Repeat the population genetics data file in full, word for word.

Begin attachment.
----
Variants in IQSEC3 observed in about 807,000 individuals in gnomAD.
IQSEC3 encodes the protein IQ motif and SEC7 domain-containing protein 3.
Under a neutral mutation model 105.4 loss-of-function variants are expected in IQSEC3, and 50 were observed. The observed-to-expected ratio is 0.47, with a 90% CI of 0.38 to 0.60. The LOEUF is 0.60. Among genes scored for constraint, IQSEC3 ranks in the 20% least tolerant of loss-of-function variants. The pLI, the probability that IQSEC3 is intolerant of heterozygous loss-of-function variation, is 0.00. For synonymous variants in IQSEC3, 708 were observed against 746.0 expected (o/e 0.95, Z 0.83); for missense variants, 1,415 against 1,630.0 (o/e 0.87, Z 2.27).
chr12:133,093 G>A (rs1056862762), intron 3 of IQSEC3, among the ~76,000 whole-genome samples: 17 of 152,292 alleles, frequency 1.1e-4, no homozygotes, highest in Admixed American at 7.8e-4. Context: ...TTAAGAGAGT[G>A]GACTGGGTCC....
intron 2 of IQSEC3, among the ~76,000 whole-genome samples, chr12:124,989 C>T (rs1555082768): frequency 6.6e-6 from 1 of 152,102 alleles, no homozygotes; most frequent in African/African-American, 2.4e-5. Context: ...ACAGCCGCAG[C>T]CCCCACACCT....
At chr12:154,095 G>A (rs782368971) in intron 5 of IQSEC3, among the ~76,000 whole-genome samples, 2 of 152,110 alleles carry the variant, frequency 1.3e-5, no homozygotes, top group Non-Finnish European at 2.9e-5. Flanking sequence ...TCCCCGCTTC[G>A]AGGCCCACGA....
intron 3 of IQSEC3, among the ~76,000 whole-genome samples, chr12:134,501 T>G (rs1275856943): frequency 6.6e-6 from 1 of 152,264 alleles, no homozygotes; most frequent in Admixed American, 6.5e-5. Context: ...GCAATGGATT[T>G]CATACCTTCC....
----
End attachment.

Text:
Variants in IQSEC3 observed in about 807,000 individuals in gnomAD.
IQSEC3 encodes the protein IQ motif and SEC7 domain-containing protein 3.
Under a neutral mutation model 105.4 loss-of-function variants are expected in IQSEC3, and 50 were observed. The observed-to-expected ratio is 0.47, with a 90% CI of 0.38 to 0.60. The LOEUF is 0.60. Among genes scored for constraint, IQSEC3 ranks in the 20% least tolerant of loss-of-function variants. The pLI, the probability that IQSEC3 is intolerant of heterozygous loss-of-function variation, is 0.00. For synonymous variants in IQSEC3, 708 were observed against 746.0 expected (o/e 0.95, Z 0.83); for missense variants, 1,415 against 1,630.0 (o/e 0.87, Z 2.27).
chr12:133,093 G>A (rs1056862762), intron 3 of IQSEC3, among the ~76,000 whole-genome samples: 17 of 152,292 alleles, frequency 1.1e-4, no homozygotes, highest in Admixed American at 7.8e-4. Context: ...TTAAGAGAGT[G>A]GACTGGGTCC....
intron 2 of IQSEC3, among the ~76,000 whole-genome samples, chr12:124,989 C>T (rs1555082768): frequency 6.6e-6 from 1 of 152,102 alleles, no homozygotes; most frequent in African/African-American, 2.4e-5. Context: ...ACAGCCGCAG[C>T]CCCCACACCT....
At chr12:154,095 G>A (rs782368971) in intron 5 of IQSEC3, among the ~76,000 whole-genome samples, 2 of 152,110 alleles carry the variant, frequency 1.3e-5, no homozygotes, top group Non-Finnish European at 2.9e-5. Flanking sequence ...TCCCCGCTTC[G>A]AGGCCCACGA....
intron 3 of IQSEC3, among the ~76,000 whole-genome samples, chr12:134,501 T>G (rs1275856943): frequency 6.6e-6 from 1 of 152,264 alleles, no homozygotes; most frequent in Admixed American, 6.5e-5. Context: ...GCAATGGATT[T>G]CATACCTTCC....